The true freshman wide receiver had two scoring grabs called back due to procedural penalties at Clemson last week, leading to two celebrations that went for naught.
"It hurt because those were my first two touchdowns, but I'm going to bounce back," said Dunlap. "I was a little hurt, but all it will do is just make me work harder. It'll just make me go out there on the field and lay it out again."
The 6-3, 225-pounder is quickly becoming one of the rising young stars on the NC State offense, so don't expect the temporary setbacks against the Tigers to slow him down. He played a season-best 49 snaps at Death Valley, and with junior wideout Richard Washington out with a knee sprain, that role is likely to increase.
Washington leads the team in receptions (29) and receiving yards (348), and is tied for tops on the squad with two touchdown grabs. He also has 133 rushing yards on the campaign. However, coach Chuck Amato said that the fact that the Wolfpack uses so many different receiving targets – six players have at least 10 receptions this year – and a number of promising youngsters should help alleviate the loss.
"Everybody has to step up. Thank goodness we spread the ball all over the field to so many receivers," said Amato. "He's an impact player, and somebody else has a chance to show the other team that they can be an impact player in this league."
Dunlap is quickly showing that potential. He has two 30-yard-plus catches on the season, with four grabs for 77 yards in all. Displaying an impressive blend of size, speed and elusiveness, he has 46 yards after the catch on those four receptions.
His gradual improvement, in part due to assistance from older receivers, has led to more and more playing time. After Tuesday's practice, redshirt junior Tramain Hall and Washington interrupted a question to tell Dunlap that he made a "rookie mistake" by accepting an interview before his post-practice work was done. Redshirt junior Sterling Hicks came by to mock Dunlap for meeting with the media as a freshman.
"They're all helping me out with all the plays and stuff, making sure I know everything, making sure I'm aligned right," said Dunlap. "They've just been helping me out throughout the whole process.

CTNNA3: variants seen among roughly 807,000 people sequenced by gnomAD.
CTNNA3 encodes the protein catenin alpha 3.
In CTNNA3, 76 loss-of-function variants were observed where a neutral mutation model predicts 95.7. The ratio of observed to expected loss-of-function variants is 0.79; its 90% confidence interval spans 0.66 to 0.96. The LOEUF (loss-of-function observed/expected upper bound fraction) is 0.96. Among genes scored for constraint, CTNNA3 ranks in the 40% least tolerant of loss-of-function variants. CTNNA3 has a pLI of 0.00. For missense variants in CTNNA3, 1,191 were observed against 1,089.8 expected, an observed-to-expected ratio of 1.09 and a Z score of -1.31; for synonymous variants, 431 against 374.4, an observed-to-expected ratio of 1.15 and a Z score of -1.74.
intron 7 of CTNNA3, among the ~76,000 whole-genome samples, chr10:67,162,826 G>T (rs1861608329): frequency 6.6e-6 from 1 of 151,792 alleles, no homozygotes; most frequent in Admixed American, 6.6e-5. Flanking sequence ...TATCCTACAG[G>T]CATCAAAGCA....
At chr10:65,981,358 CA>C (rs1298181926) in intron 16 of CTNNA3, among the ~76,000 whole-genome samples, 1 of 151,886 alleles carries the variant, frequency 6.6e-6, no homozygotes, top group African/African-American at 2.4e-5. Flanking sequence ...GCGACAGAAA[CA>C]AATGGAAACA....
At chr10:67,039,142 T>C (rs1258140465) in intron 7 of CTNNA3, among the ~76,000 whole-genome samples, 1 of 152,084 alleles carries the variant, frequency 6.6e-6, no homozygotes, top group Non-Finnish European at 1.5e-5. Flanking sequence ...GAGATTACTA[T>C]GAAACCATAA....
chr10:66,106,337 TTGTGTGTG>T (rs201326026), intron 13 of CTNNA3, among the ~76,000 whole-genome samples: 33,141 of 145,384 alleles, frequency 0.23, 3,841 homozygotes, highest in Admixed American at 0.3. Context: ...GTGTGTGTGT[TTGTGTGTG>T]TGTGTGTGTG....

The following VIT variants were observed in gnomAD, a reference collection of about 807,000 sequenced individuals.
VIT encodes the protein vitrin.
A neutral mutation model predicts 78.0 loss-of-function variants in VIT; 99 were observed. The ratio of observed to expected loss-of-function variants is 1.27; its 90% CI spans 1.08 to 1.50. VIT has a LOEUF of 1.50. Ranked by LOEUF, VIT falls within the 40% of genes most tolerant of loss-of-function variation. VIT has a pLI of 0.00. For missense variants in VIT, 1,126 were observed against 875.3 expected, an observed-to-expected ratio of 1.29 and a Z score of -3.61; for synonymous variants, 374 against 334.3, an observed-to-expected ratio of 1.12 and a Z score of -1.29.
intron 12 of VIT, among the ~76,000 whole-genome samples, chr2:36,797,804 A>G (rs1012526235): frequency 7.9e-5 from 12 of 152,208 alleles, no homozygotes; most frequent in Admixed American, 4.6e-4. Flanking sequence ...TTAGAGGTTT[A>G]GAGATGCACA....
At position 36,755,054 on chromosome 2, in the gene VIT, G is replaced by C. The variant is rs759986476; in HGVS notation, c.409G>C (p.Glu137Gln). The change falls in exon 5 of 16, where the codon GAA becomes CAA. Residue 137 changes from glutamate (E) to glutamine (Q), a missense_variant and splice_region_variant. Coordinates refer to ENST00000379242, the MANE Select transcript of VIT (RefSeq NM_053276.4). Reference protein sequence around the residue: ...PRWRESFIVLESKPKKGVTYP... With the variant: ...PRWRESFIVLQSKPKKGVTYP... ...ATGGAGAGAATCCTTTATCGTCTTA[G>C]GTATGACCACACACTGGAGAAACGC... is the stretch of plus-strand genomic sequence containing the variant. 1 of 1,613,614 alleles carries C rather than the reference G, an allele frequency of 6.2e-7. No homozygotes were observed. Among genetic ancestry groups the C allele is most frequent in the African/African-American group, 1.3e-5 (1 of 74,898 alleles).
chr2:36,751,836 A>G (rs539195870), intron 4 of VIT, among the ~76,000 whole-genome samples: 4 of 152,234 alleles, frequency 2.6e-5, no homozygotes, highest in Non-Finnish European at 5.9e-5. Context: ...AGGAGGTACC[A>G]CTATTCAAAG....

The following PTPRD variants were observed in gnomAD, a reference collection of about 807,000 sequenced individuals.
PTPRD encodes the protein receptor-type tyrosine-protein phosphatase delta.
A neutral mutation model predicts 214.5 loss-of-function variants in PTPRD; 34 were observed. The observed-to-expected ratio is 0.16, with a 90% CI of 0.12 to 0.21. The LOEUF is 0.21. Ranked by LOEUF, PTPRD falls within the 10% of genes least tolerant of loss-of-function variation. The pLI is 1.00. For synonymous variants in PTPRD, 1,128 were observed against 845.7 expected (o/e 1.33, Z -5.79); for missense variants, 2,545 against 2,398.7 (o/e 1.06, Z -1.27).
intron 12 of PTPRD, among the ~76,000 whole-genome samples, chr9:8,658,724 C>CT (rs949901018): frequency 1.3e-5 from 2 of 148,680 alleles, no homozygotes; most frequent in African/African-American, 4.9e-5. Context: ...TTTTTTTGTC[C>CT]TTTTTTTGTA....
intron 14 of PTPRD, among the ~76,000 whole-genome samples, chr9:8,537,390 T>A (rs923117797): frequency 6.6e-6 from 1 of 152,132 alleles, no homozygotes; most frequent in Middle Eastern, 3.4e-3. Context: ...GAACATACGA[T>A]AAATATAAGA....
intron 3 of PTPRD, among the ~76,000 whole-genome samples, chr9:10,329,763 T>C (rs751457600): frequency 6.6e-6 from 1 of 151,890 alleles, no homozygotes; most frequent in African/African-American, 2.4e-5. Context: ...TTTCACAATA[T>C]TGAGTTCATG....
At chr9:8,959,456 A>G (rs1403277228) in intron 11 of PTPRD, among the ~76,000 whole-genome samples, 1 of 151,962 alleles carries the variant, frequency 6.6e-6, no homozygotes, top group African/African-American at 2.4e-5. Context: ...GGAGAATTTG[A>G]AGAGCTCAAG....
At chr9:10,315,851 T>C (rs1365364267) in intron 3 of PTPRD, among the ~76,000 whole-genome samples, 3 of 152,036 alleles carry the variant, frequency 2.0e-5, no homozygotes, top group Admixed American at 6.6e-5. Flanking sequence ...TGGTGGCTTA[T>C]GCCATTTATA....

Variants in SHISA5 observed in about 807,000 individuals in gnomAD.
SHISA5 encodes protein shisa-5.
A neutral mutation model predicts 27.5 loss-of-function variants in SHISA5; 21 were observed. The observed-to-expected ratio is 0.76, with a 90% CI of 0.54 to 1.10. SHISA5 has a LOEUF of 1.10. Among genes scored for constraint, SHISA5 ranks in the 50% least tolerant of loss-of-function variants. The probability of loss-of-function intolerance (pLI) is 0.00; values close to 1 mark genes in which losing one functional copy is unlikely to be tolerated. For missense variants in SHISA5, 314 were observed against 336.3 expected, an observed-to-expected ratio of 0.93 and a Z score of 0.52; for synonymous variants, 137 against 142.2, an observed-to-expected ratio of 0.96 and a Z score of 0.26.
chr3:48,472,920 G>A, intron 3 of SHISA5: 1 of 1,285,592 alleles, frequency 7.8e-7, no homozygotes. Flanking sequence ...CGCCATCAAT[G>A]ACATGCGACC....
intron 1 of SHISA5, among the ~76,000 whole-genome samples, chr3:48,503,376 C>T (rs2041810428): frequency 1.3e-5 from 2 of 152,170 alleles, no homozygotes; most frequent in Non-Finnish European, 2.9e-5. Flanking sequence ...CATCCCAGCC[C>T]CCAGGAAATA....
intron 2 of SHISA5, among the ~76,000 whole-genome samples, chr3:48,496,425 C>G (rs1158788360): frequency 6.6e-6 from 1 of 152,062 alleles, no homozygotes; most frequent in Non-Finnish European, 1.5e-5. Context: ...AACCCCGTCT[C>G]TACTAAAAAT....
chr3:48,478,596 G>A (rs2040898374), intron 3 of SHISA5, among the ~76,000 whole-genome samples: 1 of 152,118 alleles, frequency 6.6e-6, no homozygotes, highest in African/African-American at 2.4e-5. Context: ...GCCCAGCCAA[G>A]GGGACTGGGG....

"I think, from the first day, I've been working hard and working hard. Now the coaches are giving me the opportunities to go out and make plays, and I'm taking advantage of them."
He has been wearing No. 82, the number worn by former Pack standout Jerricho Cotchery, and admits that "those are big shoes to fill." Like Cotchery, he has made a name for himself early on with blocking downfield (four knockdown blocks) and on special teams, where he ranks second on the team with six tackles.
"Blocking is more valuable than catching," said Dunlap. "The route-running is the easy part, so to go out there and get the blocking done … If you can do that, you'll be OK."
Dunlap was the object of a fierce recruiting battle as a senior at Chaminade-Madonna in Hollywood, Fla. In the end, he and teammate tight end Octavius Darby elected to run with the Wolfpack, shocking many in the area who assumed they would wind up as Hurricanes. That backdrop made the recent Pack-‘Canes matchup even more special for Dunlap.
"I have two [former] teammates that play down there, Jon Beason and Glenn Cook, so it just felt good playing against them and knowing I was going against my hometown and some of the coaches who recruited me," Dunlap said. "That was a good learning experience, and I had a heck of a time with it, but it's sad we lost.
"I'm happy here. All along I've been happy with [the decision]."
He's also happy playing wide receiver. With his size and obvious athletic skills, Dunlap was targeted as a linebacker by many on the recruiting trails. His early success at wide receiver may have put those plans on hold, but is that a temporary or permanent situation?
"I'm not worried about that. I'm just doing whatever I can do to help the team out," Dunlap said. "I don't really want to play linebacker, but if, in time, that can help the team, I'll make that sacrifice."